It really creases me when people think I am a kid.
There, I've said it. Not that I am old enough to garner attention from the AARP, but I've been around sufficiently long to feel a responsibility to the world and my surroundings. Being called a kid at 24 holds a connotation of irresponsibility, sophomoric tendencies, unworldly views -- things that I have graduated beyond.
That said, I happen to live in a student area in downtown Madison; it's cheap, I like it. For the past year, I have shared my home with an older law student and an undergrad two years my junior. Now the undergrad has graduated, and yet another future-attorney-of-America has taken her place.
Last week, I found a flyer on my porch from the City of Madison entitled "All Right You Kids Knock It Off!" It explained, "Every August you students move out of your apartments and leave behind a huge mess. What would your mother say if she saw all that trash piled up on the street?" It even had the cutest, frowning clip-art man you ever did see. This letter made me want to bite the wagging finger it attempted to represent.
I was instantly appalled -- this was a lot of assumptions for one pink flyer.
First, let me explore the presumption of slovenliness.The students I know are pretty clean. Scratch that. They're freakin' sterile. My old roommate we dubbed the Cleaning Nazi -- she would put our well-being aside and gas the hell out of the apartment by boiling vinegar to remove calcium sediment from her electric kettle. Kettle before humanity -- that's some cleaning dedication. Then, when my new flatmate moved in, he reorganized all my cabinets, which gave me a panic attack -- I ran around flailing my arms and panting, looking for a Tupperware container. Meanwhile, I have been to the homes of others, well out of school, and had to climb over can collections just to get to the restroom. Students can be too hygienic, and "real world" denizens can be disgusting.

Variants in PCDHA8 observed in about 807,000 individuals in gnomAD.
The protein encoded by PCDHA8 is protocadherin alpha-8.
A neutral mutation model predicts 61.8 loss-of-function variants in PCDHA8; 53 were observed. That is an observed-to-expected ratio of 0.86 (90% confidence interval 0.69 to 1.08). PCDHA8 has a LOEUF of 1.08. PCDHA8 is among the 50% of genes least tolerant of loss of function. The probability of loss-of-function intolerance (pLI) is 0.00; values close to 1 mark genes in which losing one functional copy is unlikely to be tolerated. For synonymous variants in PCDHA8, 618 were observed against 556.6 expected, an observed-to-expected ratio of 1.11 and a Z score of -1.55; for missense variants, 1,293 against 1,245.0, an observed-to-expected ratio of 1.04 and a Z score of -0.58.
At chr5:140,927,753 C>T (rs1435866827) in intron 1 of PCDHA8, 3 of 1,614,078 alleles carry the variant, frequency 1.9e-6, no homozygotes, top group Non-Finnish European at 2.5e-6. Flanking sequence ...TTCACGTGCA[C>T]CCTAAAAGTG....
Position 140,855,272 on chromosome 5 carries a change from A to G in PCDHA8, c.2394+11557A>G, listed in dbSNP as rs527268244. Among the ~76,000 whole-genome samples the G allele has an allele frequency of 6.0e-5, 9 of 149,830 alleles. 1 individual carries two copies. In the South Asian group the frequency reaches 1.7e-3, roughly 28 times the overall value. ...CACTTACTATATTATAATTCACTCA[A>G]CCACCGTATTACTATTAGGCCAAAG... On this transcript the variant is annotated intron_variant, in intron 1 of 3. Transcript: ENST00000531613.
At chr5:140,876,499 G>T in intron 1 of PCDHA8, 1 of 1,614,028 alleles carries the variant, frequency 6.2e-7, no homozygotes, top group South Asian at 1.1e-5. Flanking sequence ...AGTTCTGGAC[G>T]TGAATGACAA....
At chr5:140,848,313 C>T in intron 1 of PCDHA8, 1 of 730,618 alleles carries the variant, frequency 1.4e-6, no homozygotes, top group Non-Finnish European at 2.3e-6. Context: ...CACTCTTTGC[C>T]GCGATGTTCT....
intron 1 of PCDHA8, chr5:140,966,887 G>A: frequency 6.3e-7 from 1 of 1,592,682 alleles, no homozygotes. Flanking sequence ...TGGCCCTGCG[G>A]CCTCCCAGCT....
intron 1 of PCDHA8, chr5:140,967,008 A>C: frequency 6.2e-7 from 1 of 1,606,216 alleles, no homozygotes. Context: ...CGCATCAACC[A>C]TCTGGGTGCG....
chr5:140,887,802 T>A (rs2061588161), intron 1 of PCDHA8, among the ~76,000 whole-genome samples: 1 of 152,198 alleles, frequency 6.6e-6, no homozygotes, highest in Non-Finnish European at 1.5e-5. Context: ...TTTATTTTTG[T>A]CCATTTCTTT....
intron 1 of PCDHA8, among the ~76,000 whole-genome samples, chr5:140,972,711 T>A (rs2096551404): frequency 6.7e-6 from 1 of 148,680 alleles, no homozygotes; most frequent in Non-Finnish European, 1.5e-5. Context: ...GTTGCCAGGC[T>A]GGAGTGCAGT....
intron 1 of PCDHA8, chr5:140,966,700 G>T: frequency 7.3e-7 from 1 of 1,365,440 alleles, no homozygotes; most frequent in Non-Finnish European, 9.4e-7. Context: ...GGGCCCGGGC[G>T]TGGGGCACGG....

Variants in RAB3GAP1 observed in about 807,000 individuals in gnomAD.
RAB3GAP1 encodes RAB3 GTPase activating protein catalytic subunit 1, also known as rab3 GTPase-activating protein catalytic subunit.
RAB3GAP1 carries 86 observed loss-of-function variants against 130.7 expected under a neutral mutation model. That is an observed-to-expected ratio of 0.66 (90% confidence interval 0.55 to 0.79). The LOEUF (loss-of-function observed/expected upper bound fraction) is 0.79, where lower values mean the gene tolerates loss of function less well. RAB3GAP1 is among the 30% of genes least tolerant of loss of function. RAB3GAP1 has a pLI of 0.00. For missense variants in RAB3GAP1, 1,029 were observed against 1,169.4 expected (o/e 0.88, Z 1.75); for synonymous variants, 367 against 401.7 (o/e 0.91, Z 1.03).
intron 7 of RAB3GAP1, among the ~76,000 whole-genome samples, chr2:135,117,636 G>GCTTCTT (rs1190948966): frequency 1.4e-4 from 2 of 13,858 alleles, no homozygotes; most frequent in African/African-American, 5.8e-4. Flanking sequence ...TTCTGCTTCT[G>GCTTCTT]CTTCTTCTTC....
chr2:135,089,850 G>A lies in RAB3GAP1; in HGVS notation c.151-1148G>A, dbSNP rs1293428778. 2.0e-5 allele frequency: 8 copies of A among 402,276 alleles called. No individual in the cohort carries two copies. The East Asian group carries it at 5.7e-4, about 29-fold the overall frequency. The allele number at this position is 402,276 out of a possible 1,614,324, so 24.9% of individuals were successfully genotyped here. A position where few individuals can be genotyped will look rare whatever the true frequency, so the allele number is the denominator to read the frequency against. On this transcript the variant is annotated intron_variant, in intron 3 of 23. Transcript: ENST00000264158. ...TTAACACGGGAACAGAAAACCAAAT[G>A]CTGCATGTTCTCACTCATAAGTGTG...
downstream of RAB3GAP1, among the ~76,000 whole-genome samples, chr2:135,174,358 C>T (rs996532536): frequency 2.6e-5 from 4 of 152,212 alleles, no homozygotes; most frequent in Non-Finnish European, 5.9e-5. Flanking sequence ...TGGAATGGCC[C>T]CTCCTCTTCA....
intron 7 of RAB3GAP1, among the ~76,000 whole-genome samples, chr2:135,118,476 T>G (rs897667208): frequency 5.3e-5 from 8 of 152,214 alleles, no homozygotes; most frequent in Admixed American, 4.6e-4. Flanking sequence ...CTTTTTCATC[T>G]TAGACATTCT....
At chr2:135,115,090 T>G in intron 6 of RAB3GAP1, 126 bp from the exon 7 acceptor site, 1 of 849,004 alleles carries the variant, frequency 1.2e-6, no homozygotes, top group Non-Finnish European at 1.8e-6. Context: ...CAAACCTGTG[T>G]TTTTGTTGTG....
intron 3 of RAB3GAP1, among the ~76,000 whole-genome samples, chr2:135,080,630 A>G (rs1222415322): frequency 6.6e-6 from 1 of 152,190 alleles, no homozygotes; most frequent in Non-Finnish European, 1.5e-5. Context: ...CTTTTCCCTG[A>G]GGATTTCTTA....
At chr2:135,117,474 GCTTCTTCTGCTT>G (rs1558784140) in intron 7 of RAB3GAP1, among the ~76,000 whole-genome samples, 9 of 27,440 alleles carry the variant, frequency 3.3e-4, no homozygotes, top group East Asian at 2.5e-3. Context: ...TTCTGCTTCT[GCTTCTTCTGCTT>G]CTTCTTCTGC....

The next order of business concerns the flyer's assumption that people of all kinds in this area care about their mamma's word. Whoever wrote this message must not have received the memo that this is the biggest party school in the country.
Do they think co-eds were really thinking about mom when they thumbed through Playboy and high-fived with Old Style at the UW's first-place ranking on the hedonism scale? When the Girls Gone Wild bus careens down Park Street, do they really think cats are dreaming of the home-cooked meal they are missing at home? Have they seen the outdoor tables on Langdon Street? Do they think, when people awake after a kegger in a pile of questionable liquid, swathed in plastic cups and someone else's pants, head throbbing with hazy memories of the night before, that the first picture in their mind is mamma's? Silly, silly City of Madison.
Perhaps my biggest beef with this letter is that the municipality that that issued is the same one that habitually left my front yard in shambles after collecting my garbage. I've had to collect my trash bins from the middle of the driveway, the neighbor's yard, the street, and the sidewalk numerous times.
Perhaps if my front yard didn't look like a bunch of plastic buckets had beaten the crap out of one another, I would respect the City of Madison's aesthetic wishes more. But I don't. When passing piles of garbage strewn about, I just have to smirk. You asked for it, Madison.